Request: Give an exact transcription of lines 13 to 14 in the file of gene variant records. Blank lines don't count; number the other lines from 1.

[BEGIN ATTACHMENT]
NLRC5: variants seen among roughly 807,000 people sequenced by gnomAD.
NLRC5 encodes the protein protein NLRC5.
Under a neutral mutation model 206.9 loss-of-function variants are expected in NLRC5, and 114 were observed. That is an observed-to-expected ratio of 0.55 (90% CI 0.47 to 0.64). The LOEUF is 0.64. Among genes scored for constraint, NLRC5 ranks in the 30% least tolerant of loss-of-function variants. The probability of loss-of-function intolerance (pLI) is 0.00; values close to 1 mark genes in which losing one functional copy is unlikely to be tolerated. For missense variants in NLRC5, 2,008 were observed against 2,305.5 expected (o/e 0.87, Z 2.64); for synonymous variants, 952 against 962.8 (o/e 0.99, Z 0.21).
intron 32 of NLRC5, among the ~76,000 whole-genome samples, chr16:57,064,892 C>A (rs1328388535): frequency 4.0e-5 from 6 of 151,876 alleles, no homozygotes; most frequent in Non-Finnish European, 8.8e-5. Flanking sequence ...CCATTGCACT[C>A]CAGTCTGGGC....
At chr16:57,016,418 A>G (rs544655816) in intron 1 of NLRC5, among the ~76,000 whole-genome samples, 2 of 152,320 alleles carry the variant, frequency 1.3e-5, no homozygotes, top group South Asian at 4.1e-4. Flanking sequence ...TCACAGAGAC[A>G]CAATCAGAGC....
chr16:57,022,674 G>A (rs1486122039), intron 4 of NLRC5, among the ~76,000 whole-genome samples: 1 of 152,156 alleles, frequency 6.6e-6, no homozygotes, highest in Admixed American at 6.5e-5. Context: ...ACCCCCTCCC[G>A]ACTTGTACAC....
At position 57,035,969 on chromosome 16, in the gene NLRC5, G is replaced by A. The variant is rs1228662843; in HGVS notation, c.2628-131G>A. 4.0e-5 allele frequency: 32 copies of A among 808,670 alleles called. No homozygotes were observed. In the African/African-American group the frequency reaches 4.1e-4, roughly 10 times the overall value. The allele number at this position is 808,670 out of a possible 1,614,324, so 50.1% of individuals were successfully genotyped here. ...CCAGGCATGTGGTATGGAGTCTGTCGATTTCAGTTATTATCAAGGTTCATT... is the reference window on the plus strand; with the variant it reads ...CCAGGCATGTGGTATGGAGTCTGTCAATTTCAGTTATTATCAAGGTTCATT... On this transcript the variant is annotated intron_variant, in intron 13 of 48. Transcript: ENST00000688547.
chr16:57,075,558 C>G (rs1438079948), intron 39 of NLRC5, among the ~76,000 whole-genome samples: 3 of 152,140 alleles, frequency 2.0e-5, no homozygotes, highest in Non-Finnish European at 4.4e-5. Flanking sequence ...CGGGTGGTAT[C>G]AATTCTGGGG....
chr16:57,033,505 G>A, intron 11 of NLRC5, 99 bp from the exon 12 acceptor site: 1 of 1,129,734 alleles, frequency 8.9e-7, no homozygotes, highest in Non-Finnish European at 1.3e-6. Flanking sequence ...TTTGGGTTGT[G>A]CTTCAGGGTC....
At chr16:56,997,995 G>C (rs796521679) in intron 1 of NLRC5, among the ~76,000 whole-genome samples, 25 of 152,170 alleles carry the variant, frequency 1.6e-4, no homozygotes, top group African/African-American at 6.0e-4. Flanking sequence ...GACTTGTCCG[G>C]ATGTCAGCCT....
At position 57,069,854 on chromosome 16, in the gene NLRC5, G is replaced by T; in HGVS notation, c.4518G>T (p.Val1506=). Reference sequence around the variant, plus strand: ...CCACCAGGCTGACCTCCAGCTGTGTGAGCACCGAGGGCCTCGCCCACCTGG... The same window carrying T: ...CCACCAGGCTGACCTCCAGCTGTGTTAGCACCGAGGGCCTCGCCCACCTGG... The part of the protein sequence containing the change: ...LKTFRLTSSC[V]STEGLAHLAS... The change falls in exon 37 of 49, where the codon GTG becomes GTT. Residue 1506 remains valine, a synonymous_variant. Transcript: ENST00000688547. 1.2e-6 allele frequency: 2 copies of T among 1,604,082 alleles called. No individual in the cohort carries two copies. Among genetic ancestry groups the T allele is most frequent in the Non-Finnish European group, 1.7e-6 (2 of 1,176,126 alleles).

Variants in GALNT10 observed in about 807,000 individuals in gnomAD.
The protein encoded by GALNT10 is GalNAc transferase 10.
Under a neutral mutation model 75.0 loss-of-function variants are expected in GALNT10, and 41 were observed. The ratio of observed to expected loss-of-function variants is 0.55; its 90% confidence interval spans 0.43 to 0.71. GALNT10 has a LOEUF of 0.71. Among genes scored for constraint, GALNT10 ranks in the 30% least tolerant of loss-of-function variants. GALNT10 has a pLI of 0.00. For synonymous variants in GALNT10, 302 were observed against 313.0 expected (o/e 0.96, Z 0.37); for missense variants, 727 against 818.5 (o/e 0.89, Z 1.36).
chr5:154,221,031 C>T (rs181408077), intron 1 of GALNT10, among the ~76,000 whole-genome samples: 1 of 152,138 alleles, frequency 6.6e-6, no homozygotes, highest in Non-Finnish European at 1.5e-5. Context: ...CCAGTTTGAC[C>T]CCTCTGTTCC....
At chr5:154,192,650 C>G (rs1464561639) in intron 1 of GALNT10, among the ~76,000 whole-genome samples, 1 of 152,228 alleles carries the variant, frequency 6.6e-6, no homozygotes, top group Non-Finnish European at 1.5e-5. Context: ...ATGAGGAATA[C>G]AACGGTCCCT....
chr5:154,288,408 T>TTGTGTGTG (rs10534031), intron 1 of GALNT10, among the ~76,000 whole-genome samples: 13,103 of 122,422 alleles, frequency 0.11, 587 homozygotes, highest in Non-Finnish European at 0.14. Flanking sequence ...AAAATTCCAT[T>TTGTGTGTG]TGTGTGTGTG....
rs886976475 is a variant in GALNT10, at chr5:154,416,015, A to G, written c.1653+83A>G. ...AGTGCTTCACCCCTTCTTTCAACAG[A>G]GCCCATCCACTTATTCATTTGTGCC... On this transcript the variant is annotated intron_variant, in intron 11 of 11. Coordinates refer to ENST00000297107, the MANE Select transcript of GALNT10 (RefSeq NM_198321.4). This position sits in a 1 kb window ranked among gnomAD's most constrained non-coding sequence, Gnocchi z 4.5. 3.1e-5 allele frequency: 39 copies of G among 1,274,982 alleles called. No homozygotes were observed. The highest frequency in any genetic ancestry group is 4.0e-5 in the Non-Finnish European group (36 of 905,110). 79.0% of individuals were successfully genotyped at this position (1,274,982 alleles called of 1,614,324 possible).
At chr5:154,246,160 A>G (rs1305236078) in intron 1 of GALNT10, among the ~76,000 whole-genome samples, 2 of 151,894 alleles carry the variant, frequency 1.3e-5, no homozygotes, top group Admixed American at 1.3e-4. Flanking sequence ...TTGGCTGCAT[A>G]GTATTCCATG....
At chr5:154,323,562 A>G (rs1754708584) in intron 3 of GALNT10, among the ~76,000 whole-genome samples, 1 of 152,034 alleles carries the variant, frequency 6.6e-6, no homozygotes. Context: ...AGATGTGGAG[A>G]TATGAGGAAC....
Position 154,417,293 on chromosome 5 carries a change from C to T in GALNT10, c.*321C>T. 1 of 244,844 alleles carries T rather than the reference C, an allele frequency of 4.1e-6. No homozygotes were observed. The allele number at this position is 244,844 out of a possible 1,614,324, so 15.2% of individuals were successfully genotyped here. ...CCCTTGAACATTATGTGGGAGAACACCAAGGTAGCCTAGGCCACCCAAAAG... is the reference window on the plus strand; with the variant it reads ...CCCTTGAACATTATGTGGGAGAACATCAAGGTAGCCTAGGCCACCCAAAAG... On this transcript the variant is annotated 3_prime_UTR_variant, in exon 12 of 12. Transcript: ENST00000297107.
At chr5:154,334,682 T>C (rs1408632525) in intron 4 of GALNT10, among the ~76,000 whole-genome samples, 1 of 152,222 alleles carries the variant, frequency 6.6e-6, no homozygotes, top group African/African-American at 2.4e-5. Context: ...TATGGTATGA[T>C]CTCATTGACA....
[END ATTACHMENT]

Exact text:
The protein encoded by GALNT10 is GalNAc transferase 10.
Under a neutral mutation model 75.0 loss-of-function variants are expected in GALNT10, and 41 were observed. The ratio of observed to expected loss-of-function variants is 0.55; its 90% confidence interval spans 0.43 to 0.71. GALNT10 has a LOEUF of 0.71. Among genes scored for constraint, GALNT10 ranks in the 30% least tolerant of loss-of-function variants. GALNT10 has a pLI of 0.00. For synonymous variants in GALNT10, 302 were observed against 313.0 expected (o/e 0.96, Z 0.37); for missense variants, 727 against 818.5 (o/e 0.89, Z 1.36).